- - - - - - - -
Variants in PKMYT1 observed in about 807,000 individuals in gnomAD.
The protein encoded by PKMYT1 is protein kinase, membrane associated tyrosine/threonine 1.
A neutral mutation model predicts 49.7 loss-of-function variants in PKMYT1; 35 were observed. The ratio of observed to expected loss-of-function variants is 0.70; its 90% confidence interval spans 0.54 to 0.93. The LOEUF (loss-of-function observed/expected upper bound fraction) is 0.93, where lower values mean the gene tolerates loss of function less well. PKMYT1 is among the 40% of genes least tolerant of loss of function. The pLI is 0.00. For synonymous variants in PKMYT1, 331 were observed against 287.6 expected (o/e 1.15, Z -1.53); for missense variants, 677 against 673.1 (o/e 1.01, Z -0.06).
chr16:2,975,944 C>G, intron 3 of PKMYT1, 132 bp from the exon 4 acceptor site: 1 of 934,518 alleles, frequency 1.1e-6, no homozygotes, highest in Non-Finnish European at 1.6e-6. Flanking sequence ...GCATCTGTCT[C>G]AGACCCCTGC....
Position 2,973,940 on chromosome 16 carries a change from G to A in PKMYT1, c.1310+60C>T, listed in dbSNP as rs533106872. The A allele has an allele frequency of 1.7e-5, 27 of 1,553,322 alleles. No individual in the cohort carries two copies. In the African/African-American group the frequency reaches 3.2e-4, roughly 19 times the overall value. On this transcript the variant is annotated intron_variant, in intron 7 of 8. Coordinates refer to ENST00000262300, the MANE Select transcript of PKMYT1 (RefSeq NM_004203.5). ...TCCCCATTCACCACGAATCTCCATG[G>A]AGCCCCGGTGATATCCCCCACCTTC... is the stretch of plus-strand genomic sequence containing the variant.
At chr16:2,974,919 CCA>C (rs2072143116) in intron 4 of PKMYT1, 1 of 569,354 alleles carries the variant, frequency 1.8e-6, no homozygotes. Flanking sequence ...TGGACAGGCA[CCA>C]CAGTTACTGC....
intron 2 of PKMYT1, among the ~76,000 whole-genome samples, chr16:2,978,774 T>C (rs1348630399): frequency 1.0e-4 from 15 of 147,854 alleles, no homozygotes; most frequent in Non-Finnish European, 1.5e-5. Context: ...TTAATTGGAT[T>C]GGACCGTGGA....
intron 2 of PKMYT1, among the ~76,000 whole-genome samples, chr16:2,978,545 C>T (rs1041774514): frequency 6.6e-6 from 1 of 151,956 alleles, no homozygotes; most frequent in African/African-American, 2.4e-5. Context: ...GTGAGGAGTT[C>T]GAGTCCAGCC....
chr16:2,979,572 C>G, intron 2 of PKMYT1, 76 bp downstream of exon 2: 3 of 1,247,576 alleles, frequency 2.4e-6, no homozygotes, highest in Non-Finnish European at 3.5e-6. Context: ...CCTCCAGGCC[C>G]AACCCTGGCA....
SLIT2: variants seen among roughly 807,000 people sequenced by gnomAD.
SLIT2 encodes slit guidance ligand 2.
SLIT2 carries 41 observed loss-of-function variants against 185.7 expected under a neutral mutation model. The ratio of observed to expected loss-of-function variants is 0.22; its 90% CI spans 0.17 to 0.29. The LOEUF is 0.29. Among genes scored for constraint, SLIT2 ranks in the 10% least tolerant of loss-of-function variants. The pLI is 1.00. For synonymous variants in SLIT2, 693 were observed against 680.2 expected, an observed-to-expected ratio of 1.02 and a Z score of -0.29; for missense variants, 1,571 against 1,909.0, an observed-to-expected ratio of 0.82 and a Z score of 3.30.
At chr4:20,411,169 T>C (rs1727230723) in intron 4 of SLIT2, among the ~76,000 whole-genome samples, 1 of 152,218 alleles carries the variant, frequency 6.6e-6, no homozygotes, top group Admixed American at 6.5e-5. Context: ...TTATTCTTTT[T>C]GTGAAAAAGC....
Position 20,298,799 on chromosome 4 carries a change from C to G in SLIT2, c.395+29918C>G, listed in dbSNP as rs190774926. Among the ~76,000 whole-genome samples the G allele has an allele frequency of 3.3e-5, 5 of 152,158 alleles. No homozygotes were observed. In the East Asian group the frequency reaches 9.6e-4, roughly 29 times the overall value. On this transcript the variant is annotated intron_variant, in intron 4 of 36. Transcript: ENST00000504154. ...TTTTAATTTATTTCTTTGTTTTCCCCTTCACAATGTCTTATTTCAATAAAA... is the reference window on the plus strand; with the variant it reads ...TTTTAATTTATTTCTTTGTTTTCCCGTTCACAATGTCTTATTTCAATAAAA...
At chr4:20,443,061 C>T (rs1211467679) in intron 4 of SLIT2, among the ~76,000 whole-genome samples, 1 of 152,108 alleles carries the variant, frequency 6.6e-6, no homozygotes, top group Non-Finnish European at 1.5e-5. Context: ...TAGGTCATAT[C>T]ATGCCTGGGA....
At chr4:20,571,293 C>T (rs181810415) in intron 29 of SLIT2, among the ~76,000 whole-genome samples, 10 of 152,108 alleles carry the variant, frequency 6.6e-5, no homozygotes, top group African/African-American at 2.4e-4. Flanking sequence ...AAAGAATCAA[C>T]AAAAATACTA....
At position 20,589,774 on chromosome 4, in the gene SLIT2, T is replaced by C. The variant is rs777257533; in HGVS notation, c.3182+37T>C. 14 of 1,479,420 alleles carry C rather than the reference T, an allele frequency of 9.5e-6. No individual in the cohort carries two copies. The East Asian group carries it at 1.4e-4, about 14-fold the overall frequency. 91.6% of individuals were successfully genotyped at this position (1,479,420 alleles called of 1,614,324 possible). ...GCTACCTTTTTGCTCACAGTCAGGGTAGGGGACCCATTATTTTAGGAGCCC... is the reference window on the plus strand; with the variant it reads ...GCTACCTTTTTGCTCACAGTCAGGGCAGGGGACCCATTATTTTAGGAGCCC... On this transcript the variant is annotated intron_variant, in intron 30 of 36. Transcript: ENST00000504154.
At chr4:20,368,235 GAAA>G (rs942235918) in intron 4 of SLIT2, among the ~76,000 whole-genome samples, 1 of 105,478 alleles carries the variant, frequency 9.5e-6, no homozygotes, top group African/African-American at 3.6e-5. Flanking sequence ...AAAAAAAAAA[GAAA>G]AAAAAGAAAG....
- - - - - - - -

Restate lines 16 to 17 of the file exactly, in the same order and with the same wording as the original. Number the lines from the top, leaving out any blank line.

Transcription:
At chr4:20,571,293 C>T (rs181810415) in intron 29 of SLIT2, among the ~76,000 whole-genome samples, 10 of 152,108 alleles carry the variant, frequency 6.6e-5, no homozygotes, top group African/African-American at 2.4e-4. Flanking sequence ...AAAGAATCAA[C>T]AAAAATACTA....
At position 20,589,774 on chromosome 4, in the gene SLIT2, T is replaced by C. The variant is rs777257533; in HGVS notation, c.3182+37T>C. 14 of 1,479,420 alleles carry C rather than the reference T, an allele frequency of 9.5e-6. No individual in the cohort carries two copies. The East Asian group carries it at 1.4e-4, about 14-fold the overall frequency. 91.6% of individuals were successfully genotyped at this position (1,479,420 alleles called of 1,614,324 possible). ...GCTACCTTTTTGCTCACAGTCAGGGTAGGGGACCCATTATTTTAGGAGCCC... is the reference window on the plus strand; with the variant it reads ...GCTACCTTTTTGCTCACAGTCAGGGCAGGGGACCCATTATTTTAGGAGCCC... On this transcript the variant is annotated intron_variant, in intron 30 of 36. Transcript: ENST00000504154.